Thursday, February 16, 2012

To Love It Or Love It Not

I would like to post this very good article on the love of money by Dave Ramsey. He says that our view of money is important if we plan to get out of debt. How we spend our money is directly related to our perspective of money. So here goes "Love It Or Love It Not" by Dave Ramsey:

A lot of people love Benjamin Franklin.
Oh, come on. Admit it. You're probably pretty fond of Benjamin Franklin, too. He's the guy on the front of the $100 bill, and you're not going to say you don't love $100 bills, are you?
If we're honest, most of us love money. Actually, we love money we don't have. How else can you explain our addiction to credit cards? Our culture loves money so much that we have television shows dedicated to showing off people's million-dollar houses and garages full of luxury cars!
Every day, we see thousands of ads that promote the dollar as the end-all-be-all ticket to a happy life. But we know better than that...don't we?
Wait a minute, you say. Doesn't Dave Ramsey talk about building wealth all the time? He sure does. But Dave is talking about a healthy view of money. The foundation of Dave's ideas of wealth building are that you get out of debt and build wealth so you can help your family and others … and leave a legacy after you're gone.
It's also okay to want to make a lot of money and to enjoy spending it! But what's the end goal? Is it to own stuff, or is it to help others and to change your family tree?
A lot of us have an unhealthy view of money. The Bible says that "the love of money is a root of all kinds of evil." It's that type of "love" that drives us to buy stuff with money we don't have to impress people we don't like.
For some people, the "love" of money is more like an obsession or an addiction. It can drive a wedge between spouses and teach kids that stuff is more important than anything else. It can lead to divorce and broken families. When we talk about changing your family tree, that's not what we have in mind!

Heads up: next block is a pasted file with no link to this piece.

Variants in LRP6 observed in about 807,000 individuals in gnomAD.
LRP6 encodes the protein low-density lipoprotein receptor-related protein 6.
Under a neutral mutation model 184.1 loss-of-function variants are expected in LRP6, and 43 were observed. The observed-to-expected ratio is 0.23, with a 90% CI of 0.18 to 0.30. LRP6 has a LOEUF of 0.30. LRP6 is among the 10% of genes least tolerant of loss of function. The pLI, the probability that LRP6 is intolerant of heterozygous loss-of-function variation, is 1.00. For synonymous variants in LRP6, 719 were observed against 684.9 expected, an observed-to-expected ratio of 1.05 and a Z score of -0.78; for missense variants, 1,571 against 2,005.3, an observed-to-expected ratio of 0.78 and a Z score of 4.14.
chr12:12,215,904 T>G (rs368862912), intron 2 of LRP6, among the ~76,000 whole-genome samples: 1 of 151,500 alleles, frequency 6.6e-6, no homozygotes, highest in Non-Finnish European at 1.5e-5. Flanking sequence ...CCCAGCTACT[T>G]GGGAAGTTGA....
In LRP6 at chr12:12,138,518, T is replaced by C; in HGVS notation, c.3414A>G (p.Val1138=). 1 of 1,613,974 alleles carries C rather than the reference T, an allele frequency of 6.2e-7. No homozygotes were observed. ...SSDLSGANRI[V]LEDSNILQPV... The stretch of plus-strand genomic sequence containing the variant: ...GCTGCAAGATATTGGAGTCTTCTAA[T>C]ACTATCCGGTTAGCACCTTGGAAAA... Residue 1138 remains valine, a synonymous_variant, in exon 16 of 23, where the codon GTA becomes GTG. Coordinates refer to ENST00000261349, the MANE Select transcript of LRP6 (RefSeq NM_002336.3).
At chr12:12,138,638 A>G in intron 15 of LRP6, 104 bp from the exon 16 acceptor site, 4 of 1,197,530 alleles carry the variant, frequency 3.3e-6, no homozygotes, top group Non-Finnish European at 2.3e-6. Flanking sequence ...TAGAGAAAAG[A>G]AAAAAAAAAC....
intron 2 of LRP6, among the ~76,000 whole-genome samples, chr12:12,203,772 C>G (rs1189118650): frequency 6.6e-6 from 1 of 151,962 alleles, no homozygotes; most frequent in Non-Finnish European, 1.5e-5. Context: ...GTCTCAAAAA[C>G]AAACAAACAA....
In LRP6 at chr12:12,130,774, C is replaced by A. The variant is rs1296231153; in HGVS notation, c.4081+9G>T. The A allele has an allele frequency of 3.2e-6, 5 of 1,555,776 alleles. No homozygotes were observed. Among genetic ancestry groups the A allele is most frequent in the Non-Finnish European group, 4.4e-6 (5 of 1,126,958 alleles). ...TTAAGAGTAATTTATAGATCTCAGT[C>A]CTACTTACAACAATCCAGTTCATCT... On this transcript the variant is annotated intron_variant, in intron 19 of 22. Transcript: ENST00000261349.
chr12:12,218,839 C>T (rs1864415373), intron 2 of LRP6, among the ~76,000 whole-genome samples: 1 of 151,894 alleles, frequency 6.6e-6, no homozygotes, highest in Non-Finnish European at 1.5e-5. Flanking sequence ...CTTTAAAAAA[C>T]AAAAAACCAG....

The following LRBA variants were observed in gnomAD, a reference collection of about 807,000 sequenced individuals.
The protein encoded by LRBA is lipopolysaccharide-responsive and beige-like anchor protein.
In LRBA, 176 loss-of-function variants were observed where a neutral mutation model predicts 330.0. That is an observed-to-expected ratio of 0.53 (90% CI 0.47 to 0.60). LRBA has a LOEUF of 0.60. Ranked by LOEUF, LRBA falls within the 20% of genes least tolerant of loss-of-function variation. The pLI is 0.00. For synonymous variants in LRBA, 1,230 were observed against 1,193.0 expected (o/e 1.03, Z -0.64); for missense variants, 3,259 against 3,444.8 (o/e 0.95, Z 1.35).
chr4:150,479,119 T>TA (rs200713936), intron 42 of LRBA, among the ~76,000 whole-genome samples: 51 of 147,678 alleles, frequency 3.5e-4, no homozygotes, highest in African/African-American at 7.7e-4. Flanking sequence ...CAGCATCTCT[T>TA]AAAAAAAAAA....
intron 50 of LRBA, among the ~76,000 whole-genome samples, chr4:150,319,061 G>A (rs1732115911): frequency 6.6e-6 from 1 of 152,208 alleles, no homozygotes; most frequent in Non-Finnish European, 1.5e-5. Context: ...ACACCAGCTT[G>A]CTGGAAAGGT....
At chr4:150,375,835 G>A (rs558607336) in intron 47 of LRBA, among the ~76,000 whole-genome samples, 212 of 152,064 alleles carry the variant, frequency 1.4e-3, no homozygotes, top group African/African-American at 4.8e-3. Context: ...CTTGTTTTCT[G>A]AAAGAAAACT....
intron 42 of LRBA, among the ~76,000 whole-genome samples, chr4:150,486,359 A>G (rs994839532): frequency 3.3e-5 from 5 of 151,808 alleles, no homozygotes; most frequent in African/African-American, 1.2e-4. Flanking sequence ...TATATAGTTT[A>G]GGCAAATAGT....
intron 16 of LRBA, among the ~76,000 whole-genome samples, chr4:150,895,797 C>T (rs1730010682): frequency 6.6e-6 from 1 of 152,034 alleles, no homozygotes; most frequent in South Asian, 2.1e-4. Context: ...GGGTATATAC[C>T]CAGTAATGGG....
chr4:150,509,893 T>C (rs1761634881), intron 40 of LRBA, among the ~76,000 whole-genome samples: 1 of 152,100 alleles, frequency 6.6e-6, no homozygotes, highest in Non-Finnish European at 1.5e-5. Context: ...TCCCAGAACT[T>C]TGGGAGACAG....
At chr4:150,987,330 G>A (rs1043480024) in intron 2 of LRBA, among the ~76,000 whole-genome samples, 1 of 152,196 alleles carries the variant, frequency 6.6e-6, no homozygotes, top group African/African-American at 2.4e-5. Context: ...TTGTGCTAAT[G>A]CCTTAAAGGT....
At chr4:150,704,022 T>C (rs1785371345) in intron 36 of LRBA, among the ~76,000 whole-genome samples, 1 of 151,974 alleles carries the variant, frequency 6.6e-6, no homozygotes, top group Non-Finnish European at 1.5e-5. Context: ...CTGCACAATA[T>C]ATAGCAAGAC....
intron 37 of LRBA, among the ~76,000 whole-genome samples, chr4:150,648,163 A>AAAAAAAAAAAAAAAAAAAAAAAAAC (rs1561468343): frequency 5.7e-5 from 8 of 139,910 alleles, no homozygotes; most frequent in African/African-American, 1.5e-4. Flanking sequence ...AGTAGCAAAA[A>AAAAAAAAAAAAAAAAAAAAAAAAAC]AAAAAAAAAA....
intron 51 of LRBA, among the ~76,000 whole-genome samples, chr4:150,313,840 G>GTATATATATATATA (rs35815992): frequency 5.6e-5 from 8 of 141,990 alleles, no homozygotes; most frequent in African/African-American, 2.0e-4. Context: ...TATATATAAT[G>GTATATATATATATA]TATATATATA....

Think of money as a tool. You can use it to help yourself and others, or you can use it to tear all of that down. You can use it to save for your kids' college fund, help your church or favorite charity, or you can use it to buy a bunch of stuff that will be collecting dust two years from now.
A healthy love of money will drive you to get gazelle intense about working through the Baby Steps and getting out of debt. It will motivate you to make better decisions with your money—decisions that involve only spending on needs, not wants. You will view life through a new lens, a lens that puts your future and the well-being of your loved ones first. Don't let money and stuff run your life.
There's no need to obsess over Benjamin Franklin. Plenty of other people will do that. With Valentine's Day just a few days away, remember who and what is important in your life, and keep that in perspective this year.
Thousands of other people are on their way to making better decisions with money this year. With hundreds of Financial Peace University classes starting across the country, now’s the perfect time to join them on the road to Financial Peace!
A healthy perspective of money will help you spend it wisely and sets you up to a debt-free life.
To your debt-free life,

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